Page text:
Thursday, August 26, 2010

Stuck on the Wrong Model
The evidence that exercise contributes to weight loss is contradictory, as is the concept.  I think that if exercise contributed to weight loss, all lumberjacks would have died.  In other words, we know that the body includes many feedback mechanisms that help keep a person who's eating 'food' (not to be confused with bread, rice, pasta, and the processed products of the undustrial food chain) from eating too little or too much.  If you eat non-food and try to work it off, fine, go ahead but I can guarantee you'll get a better result if you eat the right food, and exercise for the physical capacities that will serve you best in sport, life and combat. 

That said, this is an interesting quote:
"It's often said that the best program you could be doing right now is the one you're not currently on... What that means is that once your body adapts to certain stimulus it is time to switch up your routine.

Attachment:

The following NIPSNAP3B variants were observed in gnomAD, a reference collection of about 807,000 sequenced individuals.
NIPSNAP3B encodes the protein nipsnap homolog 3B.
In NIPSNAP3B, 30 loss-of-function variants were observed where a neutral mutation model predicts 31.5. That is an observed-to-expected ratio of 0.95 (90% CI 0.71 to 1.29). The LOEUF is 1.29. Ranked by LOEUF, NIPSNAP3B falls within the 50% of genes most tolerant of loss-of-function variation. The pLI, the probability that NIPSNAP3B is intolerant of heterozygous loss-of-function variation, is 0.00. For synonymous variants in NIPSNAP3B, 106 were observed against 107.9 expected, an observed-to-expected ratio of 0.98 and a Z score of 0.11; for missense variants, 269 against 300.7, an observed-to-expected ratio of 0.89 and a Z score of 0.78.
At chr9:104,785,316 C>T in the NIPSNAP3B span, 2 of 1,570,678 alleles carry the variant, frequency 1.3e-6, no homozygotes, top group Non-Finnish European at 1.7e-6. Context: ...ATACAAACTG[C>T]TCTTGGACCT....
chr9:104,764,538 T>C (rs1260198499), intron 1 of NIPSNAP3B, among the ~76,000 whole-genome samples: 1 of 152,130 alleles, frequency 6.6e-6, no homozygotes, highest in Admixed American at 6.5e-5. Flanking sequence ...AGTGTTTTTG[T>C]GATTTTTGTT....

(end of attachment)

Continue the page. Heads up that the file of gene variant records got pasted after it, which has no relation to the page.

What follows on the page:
This is why my quick tip for you today would be to take your current cardio program and turn it on its head. If you're doing mostly longer distance, steady state cardio then switch over the majority of these workouts to interval based routines. Likewise, if you're big into interval based sprints I would try adding in a few longer endurance based sessions."

This idea is embodied in CrossFit's prescription:  "Constantly varied functional movements, executed at high intensity."  There's almost no case for which the variation does not make sense.  One exception - some people will exercise more if all they are doing is putting on some shoes and going outside to walk/run.  They don't want to think about what they will do, they just want a routine to escape to, the benefits are often a meditative process as much as anything else.  For those folks, variation by result in less activity.

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